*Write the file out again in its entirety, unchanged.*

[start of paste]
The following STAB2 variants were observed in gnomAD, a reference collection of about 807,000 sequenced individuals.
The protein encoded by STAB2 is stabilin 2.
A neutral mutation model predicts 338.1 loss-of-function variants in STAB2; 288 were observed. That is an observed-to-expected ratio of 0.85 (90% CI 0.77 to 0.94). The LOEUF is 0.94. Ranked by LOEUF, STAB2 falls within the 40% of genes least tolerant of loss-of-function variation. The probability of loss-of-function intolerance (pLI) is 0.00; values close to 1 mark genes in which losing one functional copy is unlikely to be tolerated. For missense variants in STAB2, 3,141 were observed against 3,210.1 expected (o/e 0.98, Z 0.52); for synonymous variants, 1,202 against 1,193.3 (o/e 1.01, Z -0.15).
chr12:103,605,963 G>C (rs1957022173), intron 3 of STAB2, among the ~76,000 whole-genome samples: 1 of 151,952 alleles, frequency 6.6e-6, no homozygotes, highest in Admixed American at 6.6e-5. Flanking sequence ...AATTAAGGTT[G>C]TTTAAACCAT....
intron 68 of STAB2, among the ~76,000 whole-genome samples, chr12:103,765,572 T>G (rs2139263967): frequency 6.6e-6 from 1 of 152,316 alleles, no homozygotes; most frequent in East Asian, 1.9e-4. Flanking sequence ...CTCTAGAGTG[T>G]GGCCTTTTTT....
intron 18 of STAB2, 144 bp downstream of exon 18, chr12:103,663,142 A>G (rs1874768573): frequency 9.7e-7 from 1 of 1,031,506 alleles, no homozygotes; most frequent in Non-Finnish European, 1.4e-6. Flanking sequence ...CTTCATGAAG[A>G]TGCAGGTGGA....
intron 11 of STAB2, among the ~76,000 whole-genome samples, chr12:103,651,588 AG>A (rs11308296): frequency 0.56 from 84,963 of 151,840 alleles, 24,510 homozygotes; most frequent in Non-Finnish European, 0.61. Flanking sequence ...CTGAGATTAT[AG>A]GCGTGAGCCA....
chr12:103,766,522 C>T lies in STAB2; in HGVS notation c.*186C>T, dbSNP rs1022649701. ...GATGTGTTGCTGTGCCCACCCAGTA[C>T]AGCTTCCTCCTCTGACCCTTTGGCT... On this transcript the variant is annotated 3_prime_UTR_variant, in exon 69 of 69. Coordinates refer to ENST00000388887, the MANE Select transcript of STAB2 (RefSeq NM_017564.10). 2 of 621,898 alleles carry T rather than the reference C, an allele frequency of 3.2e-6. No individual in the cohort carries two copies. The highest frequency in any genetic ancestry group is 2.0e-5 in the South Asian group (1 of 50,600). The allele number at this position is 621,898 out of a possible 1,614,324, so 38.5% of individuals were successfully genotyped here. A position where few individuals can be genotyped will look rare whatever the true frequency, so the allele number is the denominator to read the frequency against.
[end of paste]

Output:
The following STAB2 variants were observed in gnomAD, a reference collection of about 807,000 sequenced individuals.
The protein encoded by STAB2 is stabilin 2.
A neutral mutation model predicts 338.1 loss-of-function variants in STAB2; 288 were observed. That is an observed-to-expected ratio of 0.85 (90% CI 0.77 to 0.94). The LOEUF is 0.94. Ranked by LOEUF, STAB2 falls within the 40% of genes least tolerant of loss-of-function variation. The probability of loss-of-function intolerance (pLI) is 0.00; values close to 1 mark genes in which losing one functional copy is unlikely to be tolerated. For missense variants in STAB2, 3,141 were observed against 3,210.1 expected (o/e 0.98, Z 0.52); for synonymous variants, 1,202 against 1,193.3 (o/e 1.01, Z -0.15).
chr12:103,605,963 G>C (rs1957022173), intron 3 of STAB2, among the ~76,000 whole-genome samples: 1 of 151,952 alleles, frequency 6.6e-6, no homozygotes, highest in Admixed American at 6.6e-5. Flanking sequence ...AATTAAGGTT[G>C]TTTAAACCAT....
intron 68 of STAB2, among the ~76,000 whole-genome samples, chr12:103,765,572 T>G (rs2139263967): frequency 6.6e-6 from 1 of 152,316 alleles, no homozygotes; most frequent in East Asian, 1.9e-4. Flanking sequence ...CTCTAGAGTG[T>G]GGCCTTTTTT....
intron 18 of STAB2, 144 bp downstream of exon 18, chr12:103,663,142 A>G (rs1874768573): frequency 9.7e-7 from 1 of 1,031,506 alleles, no homozygotes; most frequent in Non-Finnish European, 1.4e-6. Flanking sequence ...CTTCATGAAG[A>G]TGCAGGTGGA....
intron 11 of STAB2, among the ~76,000 whole-genome samples, chr12:103,651,588 AG>A (rs11308296): frequency 0.56 from 84,963 of 151,840 alleles, 24,510 homozygotes; most frequent in Non-Finnish European, 0.61. Flanking sequence ...CTGAGATTAT[AG>A]GCGTGAGCCA....
chr12:103,766,522 C>T lies in STAB2; in HGVS notation c.*186C>T, dbSNP rs1022649701. ...GATGTGTTGCTGTGCCCACCCAGTA[C>T]AGCTTCCTCCTCTGACCCTTTGGCT... On this transcript the variant is annotated 3_prime_UTR_variant, in exon 69 of 69. Coordinates refer to ENST00000388887, the MANE Select transcript of STAB2 (RefSeq NM_017564.10). 2 of 621,898 alleles carry T rather than the reference C, an allele frequency of 3.2e-6. No individual in the cohort carries two copies. The highest frequency in any genetic ancestry group is 2.0e-5 in the South Asian group (1 of 50,600). The allele number at this position is 621,898 out of a possible 1,614,324, so 38.5% of individuals were successfully genotyped here. A position where few individuals can be genotyped will look rare whatever the true frequency, so the allele number is the denominator to read the frequency against.